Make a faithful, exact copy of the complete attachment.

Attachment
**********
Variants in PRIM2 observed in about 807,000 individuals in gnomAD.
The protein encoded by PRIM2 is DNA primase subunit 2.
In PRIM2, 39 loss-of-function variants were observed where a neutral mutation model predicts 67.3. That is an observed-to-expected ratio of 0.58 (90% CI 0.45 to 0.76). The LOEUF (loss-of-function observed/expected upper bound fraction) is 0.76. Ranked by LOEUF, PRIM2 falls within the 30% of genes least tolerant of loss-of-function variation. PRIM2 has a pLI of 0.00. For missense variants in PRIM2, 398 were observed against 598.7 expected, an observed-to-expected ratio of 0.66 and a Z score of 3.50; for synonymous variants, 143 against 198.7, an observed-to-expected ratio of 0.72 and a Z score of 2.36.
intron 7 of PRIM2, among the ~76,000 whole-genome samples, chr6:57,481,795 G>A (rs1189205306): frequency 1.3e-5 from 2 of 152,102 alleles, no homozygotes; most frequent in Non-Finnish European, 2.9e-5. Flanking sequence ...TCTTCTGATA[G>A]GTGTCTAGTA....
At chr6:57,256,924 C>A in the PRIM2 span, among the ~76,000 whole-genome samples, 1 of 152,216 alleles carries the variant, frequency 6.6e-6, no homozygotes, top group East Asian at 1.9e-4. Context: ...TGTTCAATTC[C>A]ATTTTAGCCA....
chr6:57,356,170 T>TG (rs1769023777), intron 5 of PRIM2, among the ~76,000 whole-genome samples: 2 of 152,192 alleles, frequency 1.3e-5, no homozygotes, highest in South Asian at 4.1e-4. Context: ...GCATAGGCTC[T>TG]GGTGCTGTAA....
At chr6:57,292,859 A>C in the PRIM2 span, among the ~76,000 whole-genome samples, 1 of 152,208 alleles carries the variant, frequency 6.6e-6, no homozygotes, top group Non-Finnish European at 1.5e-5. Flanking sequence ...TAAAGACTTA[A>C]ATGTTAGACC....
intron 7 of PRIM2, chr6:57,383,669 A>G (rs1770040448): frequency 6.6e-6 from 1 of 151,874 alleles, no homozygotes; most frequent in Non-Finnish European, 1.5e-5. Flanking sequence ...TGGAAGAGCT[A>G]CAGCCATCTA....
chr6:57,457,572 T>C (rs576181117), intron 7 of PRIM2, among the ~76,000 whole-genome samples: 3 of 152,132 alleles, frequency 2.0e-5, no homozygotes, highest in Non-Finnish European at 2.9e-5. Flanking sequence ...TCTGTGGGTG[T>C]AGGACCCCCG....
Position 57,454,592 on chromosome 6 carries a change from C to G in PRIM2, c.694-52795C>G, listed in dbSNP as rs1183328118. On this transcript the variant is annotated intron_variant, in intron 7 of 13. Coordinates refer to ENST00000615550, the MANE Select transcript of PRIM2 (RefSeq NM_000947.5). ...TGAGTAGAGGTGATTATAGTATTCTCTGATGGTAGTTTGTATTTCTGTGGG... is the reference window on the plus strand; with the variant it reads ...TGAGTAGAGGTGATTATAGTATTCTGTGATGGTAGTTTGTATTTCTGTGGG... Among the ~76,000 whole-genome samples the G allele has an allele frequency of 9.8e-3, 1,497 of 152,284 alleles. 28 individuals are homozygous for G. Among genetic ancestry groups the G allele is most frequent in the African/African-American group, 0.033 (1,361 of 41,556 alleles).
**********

Variants in PRIM2 observed in about 807,000 individuals in gnomAD.
The protein encoded by PRIM2 is DNA primase subunit 2.
In PRIM2, 39 loss-of-function variants were observed where a neutral mutation model predicts 67.3. That is an observed-to-expected ratio of 0.58 (90% CI 0.45 to 0.76). The LOEUF (loss-of-function observed/expected upper bound fraction) is 0.76. Ranked by LOEUF, PRIM2 falls within the 30% of genes least tolerant of loss-of-function variation. PRIM2 has a pLI of 0.00. For missense variants in PRIM2, 398 were observed against 598.7 expected, an observed-to-expected ratio of 0.66 and a Z score of 3.50; for synonymous variants, 143 against 198.7, an observed-to-expected ratio of 0.72 and a Z score of 2.36.
intron 7 of PRIM2, among the ~76,000 whole-genome samples, chr6:57,481,795 G>A (rs1189205306): frequency 1.3e-5 from 2 of 152,102 alleles, no homozygotes; most frequent in Non-Finnish European, 2.9e-5. Flanking sequence ...TCTTCTGATA[G>A]GTGTCTAGTA....
At chr6:57,256,924 C>A in the PRIM2 span, among the ~76,000 whole-genome samples, 1 of 152,216 alleles carries the variant, frequency 6.6e-6, no homozygotes, top group East Asian at 1.9e-4. Context: ...TGTTCAATTC[C>A]ATTTTAGCCA....
chr6:57,356,170 T>TG (rs1769023777), intron 5 of PRIM2, among the ~76,000 whole-genome samples: 2 of 152,192 alleles, frequency 1.3e-5, no homozygotes, highest in South Asian at 4.1e-4. Context: ...GCATAGGCTC[T>TG]GGTGCTGTAA....
At chr6:57,292,859 A>C in the PRIM2 span, among the ~76,000 whole-genome samples, 1 of 152,208 alleles carries the variant, frequency 6.6e-6, no homozygotes, top group Non-Finnish European at 1.5e-5. Flanking sequence ...TAAAGACTTA[A>C]ATGTTAGACC....
intron 7 of PRIM2, chr6:57,383,669 A>G (rs1770040448): frequency 6.6e-6 from 1 of 151,874 alleles, no homozygotes; most frequent in Non-Finnish European, 1.5e-5. Flanking sequence ...TGGAAGAGCT[A>G]CAGCCATCTA....
chr6:57,457,572 T>C (rs576181117), intron 7 of PRIM2, among the ~76,000 whole-genome samples: 3 of 152,132 alleles, frequency 2.0e-5, no homozygotes, highest in Non-Finnish European at 2.9e-5. Flanking sequence ...TCTGTGGGTG[T>C]AGGACCCCCG....
Position 57,454,592 on chromosome 6 carries a change from C to G in PRIM2, c.694-52795C>G, listed in dbSNP as rs1183328118. On this transcript the variant is annotated intron_variant, in intron 7 of 13. Coordinates refer to ENST00000615550, the MANE Select transcript of PRIM2 (RefSeq NM_000947.5). ...TGAGTAGAGGTGATTATAGTATTCTCTGATGGTAGTTTGTATTTCTGTGGG... is the reference window on the plus strand; with the variant it reads ...TGAGTAGAGGTGATTATAGTATTCTGTGATGGTAGTTTGTATTTCTGTGGG... Among the ~76,000 whole-genome samples the G allele has an allele frequency of 9.8e-3, 1,497 of 152,284 alleles. 28 individuals are homozygous for G. Among genetic ancestry groups the G allele is most frequent in the African/African-American group, 0.033 (1,361 of 41,556 alleles).